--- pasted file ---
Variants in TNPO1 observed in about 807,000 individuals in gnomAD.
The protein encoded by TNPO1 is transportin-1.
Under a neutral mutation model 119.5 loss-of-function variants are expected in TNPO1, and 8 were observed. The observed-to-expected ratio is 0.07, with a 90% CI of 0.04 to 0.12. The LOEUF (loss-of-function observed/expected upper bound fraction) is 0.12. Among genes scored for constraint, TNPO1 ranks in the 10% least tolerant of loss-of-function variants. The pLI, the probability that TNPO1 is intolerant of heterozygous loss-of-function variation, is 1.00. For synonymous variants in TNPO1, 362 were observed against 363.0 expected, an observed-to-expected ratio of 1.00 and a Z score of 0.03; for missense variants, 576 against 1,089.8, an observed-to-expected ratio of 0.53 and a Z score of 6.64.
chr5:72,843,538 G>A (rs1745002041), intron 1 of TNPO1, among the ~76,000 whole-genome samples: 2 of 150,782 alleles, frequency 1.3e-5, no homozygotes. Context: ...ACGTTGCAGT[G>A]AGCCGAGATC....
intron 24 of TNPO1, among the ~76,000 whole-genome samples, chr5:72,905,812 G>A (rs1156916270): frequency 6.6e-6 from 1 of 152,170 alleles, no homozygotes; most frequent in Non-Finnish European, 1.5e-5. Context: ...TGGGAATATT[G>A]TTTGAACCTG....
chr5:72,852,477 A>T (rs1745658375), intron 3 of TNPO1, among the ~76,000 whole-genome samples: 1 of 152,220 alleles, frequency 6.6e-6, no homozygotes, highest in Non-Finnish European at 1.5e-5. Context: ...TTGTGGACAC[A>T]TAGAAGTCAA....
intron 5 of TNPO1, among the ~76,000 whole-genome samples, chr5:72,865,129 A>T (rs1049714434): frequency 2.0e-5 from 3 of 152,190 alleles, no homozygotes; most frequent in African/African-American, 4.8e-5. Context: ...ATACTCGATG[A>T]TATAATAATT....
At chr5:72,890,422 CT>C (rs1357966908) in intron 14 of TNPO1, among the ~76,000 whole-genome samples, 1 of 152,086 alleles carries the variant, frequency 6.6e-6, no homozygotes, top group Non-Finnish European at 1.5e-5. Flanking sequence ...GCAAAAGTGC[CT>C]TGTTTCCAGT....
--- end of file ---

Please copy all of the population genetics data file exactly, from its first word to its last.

Variants in TNPO1 observed in about 807,000 individuals in gnomAD.
The protein encoded by TNPO1 is transportin-1.
Under a neutral mutation model 119.5 loss-of-function variants are expected in TNPO1, and 8 were observed. The observed-to-expected ratio is 0.07, with a 90% CI of 0.04 to 0.12. The LOEUF (loss-of-function observed/expected upper bound fraction) is 0.12. Among genes scored for constraint, TNPO1 ranks in the 10% least tolerant of loss-of-function variants. The pLI, the probability that TNPO1 is intolerant of heterozygous loss-of-function variation, is 1.00. For synonymous variants in TNPO1, 362 were observed against 363.0 expected, an observed-to-expected ratio of 1.00 and a Z score of 0.03; for missense variants, 576 against 1,089.8, an observed-to-expected ratio of 0.53 and a Z score of 6.64.
chr5:72,843,538 G>A (rs1745002041), intron 1 of TNPO1, among the ~76,000 whole-genome samples: 2 of 150,782 alleles, frequency 1.3e-5, no homozygotes. Context: ...ACGTTGCAGT[G>A]AGCCGAGATC....
intron 24 of TNPO1, among the ~76,000 whole-genome samples, chr5:72,905,812 G>A (rs1156916270): frequency 6.6e-6 from 1 of 152,170 alleles, no homozygotes; most frequent in Non-Finnish European, 1.5e-5. Context: ...TGGGAATATT[G>A]TTTGAACCTG....
chr5:72,852,477 A>T (rs1745658375), intron 3 of TNPO1, among the ~76,000 whole-genome samples: 1 of 152,220 alleles, frequency 6.6e-6, no homozygotes, highest in Non-Finnish European at 1.5e-5. Context: ...TTGTGGACAC[A>T]TAGAAGTCAA....
intron 5 of TNPO1, among the ~76,000 whole-genome samples, chr5:72,865,129 A>T (rs1049714434): frequency 2.0e-5 from 3 of 152,190 alleles, no homozygotes; most frequent in African/African-American, 4.8e-5. Context: ...ATACTCGATG[A>T]TATAATAATT....
At chr5:72,890,422 CT>C (rs1357966908) in intron 14 of TNPO1, among the ~76,000 whole-genome samples, 1 of 152,086 alleles carries the variant, frequency 6.6e-6, no homozygotes, top group Non-Finnish European at 1.5e-5. Flanking sequence ...GCAAAAGTGC[CT>C]TGTTTCCAGT....